Maryam Jafri (b. 1972, Pakistan) lives and works in New York and Copenhagen. She is an artist working in video, performance, and photography. Informed by a research-based interdisciplinary process, her artworks are often marked by a visual language poised between film and theater and a series of narrative experiments oscillating between script and document, fragment and whole. Jafri holds a BA in English and American Literature from Brown University, Providence; an MA from NYU/Tisch School of the Arts, New York; and is a graduate of the Whitney Museum Independent Study Program.
Independence Day 1934–1975, 2009–present
Installation, variable dimensions
Courtesy of the artist and various archives.
Maryam Jafri’s Independence Day 1934–1975 features over sixty archival photos culled from more than thirty archives of the first Independence Day ceremonies of various Asian, Middle Eastern, and African nations. A key feature of the work is that the photos are sourced primarily from public archives in the Asian and African countries themselves. The first Independence Day, leading up to and including the formal ceremony, unfolds as a series of highly codified rituals and elaborate speech acts enacted across public and elite spaces. The swearing in of a new leadership, the signing of relevant documents, the VIP parade, the stadium salute, the first address to the new nation, is all supervised and orchestrated by the departing colonial power. The photographic material is strikingly similar, despite disparate geographical and temporal origins, as it reveals a political model exported from Europe and in the process of being cloned throughout the world. The photo installation emerges as a typology, poised somewhere between a grid and a storyboard. Although a great deal of research has been done on both the colonial and the post-colonial eras, this project aims to introduce a third, surprisingly neglected element into the debate – that twenty-four-hour twilight period in between, when a territory transforms into a nation state.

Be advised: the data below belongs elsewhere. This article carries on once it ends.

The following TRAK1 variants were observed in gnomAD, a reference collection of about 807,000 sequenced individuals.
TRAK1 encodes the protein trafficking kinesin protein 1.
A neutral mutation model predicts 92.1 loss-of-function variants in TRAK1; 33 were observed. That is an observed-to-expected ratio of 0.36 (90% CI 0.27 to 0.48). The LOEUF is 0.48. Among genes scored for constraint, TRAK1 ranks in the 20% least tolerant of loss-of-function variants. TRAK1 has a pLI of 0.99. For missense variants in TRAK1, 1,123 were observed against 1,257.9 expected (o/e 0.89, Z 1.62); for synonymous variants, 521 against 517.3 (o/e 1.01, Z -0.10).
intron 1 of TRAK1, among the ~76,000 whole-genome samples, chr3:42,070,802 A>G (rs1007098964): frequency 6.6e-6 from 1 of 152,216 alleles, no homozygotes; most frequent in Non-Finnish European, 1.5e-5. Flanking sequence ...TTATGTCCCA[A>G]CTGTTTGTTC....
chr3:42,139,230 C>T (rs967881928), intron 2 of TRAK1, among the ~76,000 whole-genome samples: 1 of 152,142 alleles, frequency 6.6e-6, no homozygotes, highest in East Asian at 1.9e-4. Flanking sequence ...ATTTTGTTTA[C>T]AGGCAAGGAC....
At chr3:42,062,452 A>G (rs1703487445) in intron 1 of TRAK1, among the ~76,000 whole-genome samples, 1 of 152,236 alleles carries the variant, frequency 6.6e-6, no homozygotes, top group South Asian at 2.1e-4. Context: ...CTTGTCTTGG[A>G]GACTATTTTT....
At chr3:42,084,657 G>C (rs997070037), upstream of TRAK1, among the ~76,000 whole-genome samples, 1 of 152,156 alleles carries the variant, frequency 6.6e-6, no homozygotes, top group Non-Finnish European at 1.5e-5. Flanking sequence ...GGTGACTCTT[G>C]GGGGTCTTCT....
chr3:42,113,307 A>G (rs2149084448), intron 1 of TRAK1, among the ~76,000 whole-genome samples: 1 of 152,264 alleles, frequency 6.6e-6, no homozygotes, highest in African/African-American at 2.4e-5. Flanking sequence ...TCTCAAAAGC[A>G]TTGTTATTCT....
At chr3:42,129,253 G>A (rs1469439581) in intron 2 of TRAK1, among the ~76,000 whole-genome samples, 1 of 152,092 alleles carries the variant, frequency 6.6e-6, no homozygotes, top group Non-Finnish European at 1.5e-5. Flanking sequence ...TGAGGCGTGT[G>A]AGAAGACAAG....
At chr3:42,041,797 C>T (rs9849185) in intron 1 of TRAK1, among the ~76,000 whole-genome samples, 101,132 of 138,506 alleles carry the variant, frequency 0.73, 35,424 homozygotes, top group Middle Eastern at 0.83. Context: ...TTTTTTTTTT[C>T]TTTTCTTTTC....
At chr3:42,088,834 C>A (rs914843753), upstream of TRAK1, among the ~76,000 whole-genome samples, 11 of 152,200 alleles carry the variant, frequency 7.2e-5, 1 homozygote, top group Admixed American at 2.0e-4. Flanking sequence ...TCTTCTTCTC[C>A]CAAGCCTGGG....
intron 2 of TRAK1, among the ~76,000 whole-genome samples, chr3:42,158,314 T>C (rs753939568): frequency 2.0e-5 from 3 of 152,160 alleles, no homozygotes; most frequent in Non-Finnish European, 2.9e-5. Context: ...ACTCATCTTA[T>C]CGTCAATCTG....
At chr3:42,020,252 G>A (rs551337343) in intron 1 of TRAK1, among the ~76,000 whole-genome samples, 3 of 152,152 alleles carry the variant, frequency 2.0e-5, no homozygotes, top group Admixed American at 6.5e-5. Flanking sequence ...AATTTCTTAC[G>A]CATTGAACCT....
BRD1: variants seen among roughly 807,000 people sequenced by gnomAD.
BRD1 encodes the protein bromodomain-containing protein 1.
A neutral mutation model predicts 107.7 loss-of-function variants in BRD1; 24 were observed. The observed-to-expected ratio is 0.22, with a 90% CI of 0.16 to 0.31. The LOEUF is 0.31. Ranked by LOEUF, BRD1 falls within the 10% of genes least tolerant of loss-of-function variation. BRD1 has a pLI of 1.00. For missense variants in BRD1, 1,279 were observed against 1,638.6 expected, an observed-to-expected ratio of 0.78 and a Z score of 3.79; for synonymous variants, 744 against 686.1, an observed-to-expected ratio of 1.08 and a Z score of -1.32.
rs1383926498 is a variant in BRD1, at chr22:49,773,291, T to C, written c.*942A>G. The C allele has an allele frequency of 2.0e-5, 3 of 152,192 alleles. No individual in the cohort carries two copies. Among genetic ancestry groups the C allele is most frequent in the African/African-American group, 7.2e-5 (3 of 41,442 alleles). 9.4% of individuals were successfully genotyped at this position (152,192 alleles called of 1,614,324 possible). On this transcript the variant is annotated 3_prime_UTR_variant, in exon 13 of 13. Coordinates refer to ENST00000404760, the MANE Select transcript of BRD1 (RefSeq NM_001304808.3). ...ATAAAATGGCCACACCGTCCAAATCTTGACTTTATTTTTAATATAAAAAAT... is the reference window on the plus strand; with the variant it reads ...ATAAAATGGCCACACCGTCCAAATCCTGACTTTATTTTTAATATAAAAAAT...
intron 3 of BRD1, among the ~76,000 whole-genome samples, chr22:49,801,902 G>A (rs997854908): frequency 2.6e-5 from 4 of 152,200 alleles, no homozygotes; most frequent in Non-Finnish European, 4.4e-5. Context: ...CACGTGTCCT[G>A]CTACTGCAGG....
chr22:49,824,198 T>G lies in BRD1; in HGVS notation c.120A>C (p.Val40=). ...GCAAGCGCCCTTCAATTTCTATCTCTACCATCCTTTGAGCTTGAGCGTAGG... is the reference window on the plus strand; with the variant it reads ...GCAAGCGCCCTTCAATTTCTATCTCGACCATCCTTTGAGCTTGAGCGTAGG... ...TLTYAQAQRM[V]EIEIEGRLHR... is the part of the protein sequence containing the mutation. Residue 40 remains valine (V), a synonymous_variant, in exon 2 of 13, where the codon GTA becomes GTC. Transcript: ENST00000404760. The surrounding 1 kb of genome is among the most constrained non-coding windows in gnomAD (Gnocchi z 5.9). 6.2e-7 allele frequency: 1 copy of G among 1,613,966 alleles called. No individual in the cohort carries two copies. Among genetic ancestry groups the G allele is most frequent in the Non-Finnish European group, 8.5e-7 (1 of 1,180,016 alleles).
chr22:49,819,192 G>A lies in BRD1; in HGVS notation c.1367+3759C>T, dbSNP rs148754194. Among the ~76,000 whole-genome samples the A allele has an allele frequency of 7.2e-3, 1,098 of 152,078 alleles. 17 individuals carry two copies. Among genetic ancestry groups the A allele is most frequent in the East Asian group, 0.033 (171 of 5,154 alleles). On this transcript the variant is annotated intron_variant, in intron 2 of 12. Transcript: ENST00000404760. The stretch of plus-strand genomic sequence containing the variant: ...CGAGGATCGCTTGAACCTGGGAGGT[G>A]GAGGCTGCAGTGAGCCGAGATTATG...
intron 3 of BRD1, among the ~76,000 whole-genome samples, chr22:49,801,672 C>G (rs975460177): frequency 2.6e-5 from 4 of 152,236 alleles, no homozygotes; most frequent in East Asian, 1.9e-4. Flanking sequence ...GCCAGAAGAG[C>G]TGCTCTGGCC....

Independence Day 1934–1975 (2009–idag), Installation view Röda Sten Konsthall, GIBCA 2015. Photo: Hendrik Zeitler